Q&A: Professor Discusses Superintendents’ Reform Mission

October 07, 1992 4 min read
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Statement In an effort to reassert their role in school reform, a group of 21 superintendents from throughout Pennsylvania have banded together to produce a “mission statement.’'

The report, published last month, calls for creating a dialogue with members of the community in order to determine the future of education. It also emphasizes the need to promote a learner-centered approach to schooling.

Harris J. Sokoloff is the director of the Center for School Study Councils at the University of Pennsylvania’s graduate school of education, which will provide technical assistance, data collection, and other services to the school districts in the group.

Mr. Sokoloff spoke with Staff Writer Jessica Portner about the project.

Q. Could you briefly explain why you have decided to do this now?

A.Essentially, school districts and school superintendents are finding themselves under siege. On the one hand, there have been a lot of federal and state mandates dictating directions that schools and educators and school districts ought to be taking. Some of these mandates are inconsistent with one another. On the other hand there is a great hue and cry from local people about the direction which they want their school to go.

For the superintendents that are involved in this project, it was about time that educators spoke up and tried to set the direction that they thought made the most sense for schools and their communities.

Q. Why do you think that the shift from teachers to learners is important?

A. The shift to learners is important, because we have to pay more attention to the needs of learners in an adult-oriented school system which is not working real well. So a shift to the needs of learners will be more successful. ...

The notion of a community voicing its expectations, and those expectations’ being part of the ways schools operate, is important because it takes a whole community to educate a child, and unless we involve the community in setting its expectations we can’t expect full community support. We need community support to be successful.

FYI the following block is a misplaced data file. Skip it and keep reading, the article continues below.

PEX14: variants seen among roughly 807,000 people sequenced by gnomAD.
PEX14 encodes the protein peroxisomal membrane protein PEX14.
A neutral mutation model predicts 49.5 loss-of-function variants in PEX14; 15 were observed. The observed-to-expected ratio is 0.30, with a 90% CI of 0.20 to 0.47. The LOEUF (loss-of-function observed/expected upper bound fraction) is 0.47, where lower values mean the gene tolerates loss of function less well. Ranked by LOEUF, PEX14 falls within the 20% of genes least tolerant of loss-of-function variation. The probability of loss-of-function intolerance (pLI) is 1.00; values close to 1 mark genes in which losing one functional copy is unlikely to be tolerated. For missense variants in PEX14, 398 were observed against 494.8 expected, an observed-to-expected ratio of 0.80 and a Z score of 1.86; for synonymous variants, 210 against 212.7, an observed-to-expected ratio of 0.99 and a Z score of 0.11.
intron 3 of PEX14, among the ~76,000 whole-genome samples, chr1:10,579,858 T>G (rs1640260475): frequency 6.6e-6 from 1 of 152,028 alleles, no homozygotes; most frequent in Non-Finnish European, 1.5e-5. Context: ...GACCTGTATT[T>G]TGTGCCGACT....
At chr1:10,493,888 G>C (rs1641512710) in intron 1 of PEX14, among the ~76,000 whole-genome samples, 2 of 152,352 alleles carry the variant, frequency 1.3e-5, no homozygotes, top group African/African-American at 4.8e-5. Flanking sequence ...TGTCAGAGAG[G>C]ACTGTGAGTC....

Q. But how do you intend to implement this shift from teacher to learner in practical terms?

A. I don’t have a single answer for that. There are 21 districts involved in developing this program, which also contains an agenda for action. Each of the districts’ agendas was implemented somewhat differently.

The key is to get people who worked in the schools to focus on learners and learning, and to acknowledge that we have to restructure schools around the needs of learners. In some cases it may be that we revised the entire scheduling to be more learner centered with more block scheduling, fewer 50-minute periods, and more 2- or 3-hours-long blocks of learning.

In some places, it may be a greater focus on using technology in education; in other places it may mean, especially in elementary schools, a developmentally oriented primary-education program so that students would be together for the first and second years rather than dividing them up into 1st and 2nd grade.

So it will mean different things in different places, depending on how the community decides to implement it. It’s the principle that is important. The implementation will be community-wide.

Q. The pressures of the job pull superintendents in different directions. How do you hope this program will alleviate some of those pressures?

A. By involving the community in discussing their expectations of schools and schooling, it may well enable schools to narrow their focus. There are an incredible number of special-interest groups that are pulling schools hither, thither, and yon, and school administrators have to figure out how to respond best to those special-interest pulls.

For example, in Pennsylvania, there is pressure saying we must spend less money. The parents groups are saying we have to broaden opportunity for children. There are curriculum-revision groups that want to narrow what is offered, not broaden it, and those who want children to do more rote learning and do away with a lot of critical and creative thinking. School administrators have to figure out how best to respond to these pulls and pressures, while still providing what they consider to be a solid educational program.

By engaging communities in a dialogue in this mission statement, we hope it will focus the communities’ attention to the core tasks of learning, and clarify the direction in which the schools ought to be going. That in itself will make the jobs of superintendents easier.

Q. How will this be a change from the superintendents’ normal community outreach?

A. The idea is to engage these communities in discussions about their expectations of schools. Communities now don’t typically have those kind of broad-based discussions. They tend to happen in informal settings, without any direction to them and without any real direction on school board policies. ...

This is a task that will never end. We have to keep at it and keep at it and keep making sure we clarify what we want, because as some of the social pressures change the expectations may also change. We have to keep that dialogue going. It’s hard work.

A version of this article appeared in the October 07, 1992 edition of Education Week as Q&A: Professor Discusses Superintendents’ Reform Mission


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